The holiday season approaches, so here’s a quick look at the year that was for Indian Pharma, before we disappear into a haze of year-end festivities. It’s a mixed bag (what year isn’t?) including stuff that could influence the way things work in the years ahead. For convenience, I’ve divided up what I think are key developments into posts rather than stick to any specific chronology of events. The first post was on the regulation of Indian manufacturing and the second on clinical trials and pharmacovigilance. This one is about drug pricing. Continue reading
The holiday season approaches, so here’s a quick look at the year that was for Indian Pharma, before we disappear into a haze of year-end festivities. It’s a mixed bag (what year isn’t?) including stuff that could influence the way things work in the years ahead. For convenience, I’ve divided up what I think are key developments into posts rather than stick to any specific chronology of events. The first post was on the regulation of Indian manufacturing. In this second post, I look at developments in the regulation of clinical trials. Continue reading
India’s latest healthcare shame is a shoddily-conducted government sterilisation drive that proved fatal for 13 women in rural Chhattisgarh. The tale that unfolded in Bilaspur has more than its share of dystopic elements : unhygienic surgical instruments, tainted drugs and women reportedly herded like cattle (or lured like prey) onto the operating table, surgeries completed at alarming speed, and the women sent home with little or no post-operative care, only to fall sick. Or die.
In the media, the spotlight is on a range of pertinent issues such as medical negligence, corruption and the unfairness of letting women bear the entire burden of family planning.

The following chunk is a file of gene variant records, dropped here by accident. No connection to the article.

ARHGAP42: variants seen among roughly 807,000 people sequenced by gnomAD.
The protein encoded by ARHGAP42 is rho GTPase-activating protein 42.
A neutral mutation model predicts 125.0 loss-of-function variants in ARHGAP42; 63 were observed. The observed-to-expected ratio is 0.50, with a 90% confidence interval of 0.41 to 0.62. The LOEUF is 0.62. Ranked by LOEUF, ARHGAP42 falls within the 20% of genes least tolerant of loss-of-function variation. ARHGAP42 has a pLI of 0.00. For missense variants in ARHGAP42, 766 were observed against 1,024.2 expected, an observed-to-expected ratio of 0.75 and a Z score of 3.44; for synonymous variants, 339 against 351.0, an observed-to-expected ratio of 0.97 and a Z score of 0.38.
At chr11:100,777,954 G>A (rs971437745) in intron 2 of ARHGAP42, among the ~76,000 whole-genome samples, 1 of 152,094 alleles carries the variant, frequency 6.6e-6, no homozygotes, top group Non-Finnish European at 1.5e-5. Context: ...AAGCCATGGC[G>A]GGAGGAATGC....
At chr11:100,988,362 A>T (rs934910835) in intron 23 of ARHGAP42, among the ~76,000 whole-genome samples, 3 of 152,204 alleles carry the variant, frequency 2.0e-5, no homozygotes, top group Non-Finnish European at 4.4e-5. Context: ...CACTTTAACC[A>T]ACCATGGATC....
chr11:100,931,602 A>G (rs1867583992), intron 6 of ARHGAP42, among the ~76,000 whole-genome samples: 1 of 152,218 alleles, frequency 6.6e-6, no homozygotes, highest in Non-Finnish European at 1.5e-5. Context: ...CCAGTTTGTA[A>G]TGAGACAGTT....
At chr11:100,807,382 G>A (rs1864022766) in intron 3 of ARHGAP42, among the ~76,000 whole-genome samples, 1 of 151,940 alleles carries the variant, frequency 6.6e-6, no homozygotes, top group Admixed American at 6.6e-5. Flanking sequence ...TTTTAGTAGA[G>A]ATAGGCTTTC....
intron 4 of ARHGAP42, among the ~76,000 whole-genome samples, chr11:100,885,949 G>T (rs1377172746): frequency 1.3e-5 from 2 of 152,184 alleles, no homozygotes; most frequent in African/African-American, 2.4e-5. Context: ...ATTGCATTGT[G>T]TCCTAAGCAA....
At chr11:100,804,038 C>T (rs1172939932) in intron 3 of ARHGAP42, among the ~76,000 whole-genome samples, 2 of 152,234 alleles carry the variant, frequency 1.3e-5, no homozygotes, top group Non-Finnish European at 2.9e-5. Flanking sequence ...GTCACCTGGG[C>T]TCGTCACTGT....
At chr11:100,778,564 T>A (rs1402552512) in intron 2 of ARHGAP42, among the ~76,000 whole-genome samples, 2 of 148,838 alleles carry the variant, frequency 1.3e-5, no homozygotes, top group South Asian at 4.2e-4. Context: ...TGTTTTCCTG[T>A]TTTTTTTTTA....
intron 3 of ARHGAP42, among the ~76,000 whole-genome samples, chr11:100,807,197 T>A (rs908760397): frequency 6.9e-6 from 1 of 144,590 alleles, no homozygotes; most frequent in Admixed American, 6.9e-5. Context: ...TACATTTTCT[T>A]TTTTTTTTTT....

What’s come out looking really worse for wear, though, is the public healthcare system. Once again. The drive was government-funded, was ostensibly working towards targets set by the government, and used drugs reportedly bought through the public procurement machinery. Continue reading
Just when I thought things were getting a bit dull, they go and do this.
A few weeks ago, I got a call from the Editor of Quartz India. Sruthijith was surprised (shocked?) that his go-to-drug for cold was actually withdrawn elsewhere for safety reasons. Could I explain why it was okay for Indians to consume medicines that other countries balked at?
Now drug safety as some of you might have noticed over the years, is a bit of a pet peeve with me. But after working myself up time and again over it, I began to feel a bit like a stuck record. Now I only keep my fingers crossed and pray. (No, an activist I most definitely am not). I almost visibly slumped when I heard what he wanted. But then I roused myself. Surely, this was an opportunity for many reasons. The most important : more people read Quartz India than they do Apothecurry. But seriously, it was great that a general news website was interested in carrying an explanatory piece on drug safety. And without any horrifying news trigger like deaths or disabilities. Just because it is an important issue.
So I tried. I was warned, in no uncertain terms, to keep it simple and easy to understand for a lay audience. Now, as Somerset Maugham pointed out “To write simply is as difficult as to be good.” To my rescue came the words of Fortune magazine writer Sheridan Prasso whose writing workshop I once attended. “Write so your mother-in-law can understand.”
The result is here. It is lengthy and my thanks to Sruthijith for sparing the cuts. Many of you are from the drug industry and so won’t find any surprises here. But perhaps you could share this with your moms or mothers-in-law. Don’t give me their feedback though. I am a coward and experience has taught me they are ruthless.